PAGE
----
April 14, 2014 | Volume XXI, Issue 14

Federalist Society hosts “Global Warming: Will Science or Fear Rule?”

Published: February 16th, 2009

Category: News

Although the planet is warming, there is no reason to freak out about it, said Becky Norton Dunlop.

Dunlop was brought to campus by the UF Chapter of The Federalist Society to speak about the global warming crisis, or lack thereof. She serves as Vice President of External Relations at The Heritage Foundation, a conservative think tank.

“Is the earth warming? Yes, yes it is,” said Dunlop, who also served as chairwoman of the Federal Services Impasse Panel under President George W. Bush. “Has it warmed in the past? Has it cooled in the past? Yes, these things happen. They are cyclical in nature. We have evidence of this, real evidence.”

Dunlop argued that while the planet is warming, there is no evidence that shows humans are causing the change. She assaulted computer modeling that shows a warming crisis, dismissing it as pseudo-science.

Real science is about testing a theory out until it is proven true, Dunlop said. “Keep in mind that computer models can’t explain past weather changes, nor are they very good at predicting future weather changes,” Dunlop said. “We know that because we watch the weather on a regular basis and about half the time the weatherman is wrong. How do you think the weatherman predicts the weather? They use computer models.”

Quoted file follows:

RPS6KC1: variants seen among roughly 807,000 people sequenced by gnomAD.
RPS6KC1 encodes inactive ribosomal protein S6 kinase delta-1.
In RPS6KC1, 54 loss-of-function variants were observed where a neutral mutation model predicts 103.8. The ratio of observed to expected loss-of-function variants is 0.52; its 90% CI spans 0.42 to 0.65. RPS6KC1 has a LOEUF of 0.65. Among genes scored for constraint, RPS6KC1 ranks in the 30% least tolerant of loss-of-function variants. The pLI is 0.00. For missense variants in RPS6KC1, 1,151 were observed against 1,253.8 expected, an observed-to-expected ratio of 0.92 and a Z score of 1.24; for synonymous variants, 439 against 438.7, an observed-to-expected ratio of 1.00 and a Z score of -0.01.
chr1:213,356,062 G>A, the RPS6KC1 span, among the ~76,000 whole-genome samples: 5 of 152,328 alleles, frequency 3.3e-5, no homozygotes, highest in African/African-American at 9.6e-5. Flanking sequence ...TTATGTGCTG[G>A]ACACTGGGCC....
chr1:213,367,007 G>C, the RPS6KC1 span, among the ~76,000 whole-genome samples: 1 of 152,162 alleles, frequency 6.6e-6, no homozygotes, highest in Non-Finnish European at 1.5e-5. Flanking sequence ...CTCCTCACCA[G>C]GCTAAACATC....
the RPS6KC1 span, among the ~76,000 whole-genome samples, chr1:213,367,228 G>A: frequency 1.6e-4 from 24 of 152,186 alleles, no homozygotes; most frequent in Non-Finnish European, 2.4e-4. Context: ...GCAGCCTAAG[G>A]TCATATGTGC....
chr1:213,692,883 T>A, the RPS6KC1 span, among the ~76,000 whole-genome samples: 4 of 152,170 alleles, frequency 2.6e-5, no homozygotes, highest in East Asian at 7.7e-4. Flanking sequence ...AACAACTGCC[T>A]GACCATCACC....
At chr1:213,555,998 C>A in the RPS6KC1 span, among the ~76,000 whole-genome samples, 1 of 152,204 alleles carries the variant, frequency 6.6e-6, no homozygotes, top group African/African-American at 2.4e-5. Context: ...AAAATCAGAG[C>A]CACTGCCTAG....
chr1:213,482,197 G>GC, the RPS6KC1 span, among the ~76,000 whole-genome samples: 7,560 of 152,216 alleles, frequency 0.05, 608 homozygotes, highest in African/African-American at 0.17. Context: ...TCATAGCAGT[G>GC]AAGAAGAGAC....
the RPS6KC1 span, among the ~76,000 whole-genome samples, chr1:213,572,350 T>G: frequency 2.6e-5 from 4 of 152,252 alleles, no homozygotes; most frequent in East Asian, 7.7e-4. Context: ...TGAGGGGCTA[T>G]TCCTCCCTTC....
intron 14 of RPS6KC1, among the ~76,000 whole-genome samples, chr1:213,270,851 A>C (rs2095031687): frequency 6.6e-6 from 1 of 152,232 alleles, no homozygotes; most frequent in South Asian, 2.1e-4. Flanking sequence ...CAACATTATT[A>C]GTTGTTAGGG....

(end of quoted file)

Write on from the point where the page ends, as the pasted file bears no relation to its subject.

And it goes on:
Dunlop said there are many other reasons why the planet is warming, including the sun, oceans and volcanoes.

Because global warming is natural, Dunlop does not buy into the doomsday hype. Regardless, she said we should work toward developing new energy.

“First, smart people should not buy into this crisis scenario,” Dunlop said. “Secondly, we need to all understand that man, as important as man is, is not the controlling factor in climate change. Third, it is certainly true that we need to be looking for and encouraging all kinds of new energy.”

Dunlop advocated nuclear energy, saying that France gets 70 percent of its energy from nuclear sources without a problem. She said that there are many problems with wind power that need to be further studied and argued against ethanol. She said the government giving corn farmers subsidies for ethanol is encouraging farmers to switch to corn from other important crops, but America still can’t produce enough ethanol to make a difference.

“Ethanol comes from corn, and corn is food,” Dunlop said. “I think it is much more cost-effective and much more logical to use the corn we produce to feed people.” The bottom line is that the country needs to rely on good science to formulate a plan for climate change, Dunlop said.

“First of all, science must inform public policy – not pseudo-science, not fear-mongering, not trying to scare people into doing things that are unwise,” she said.

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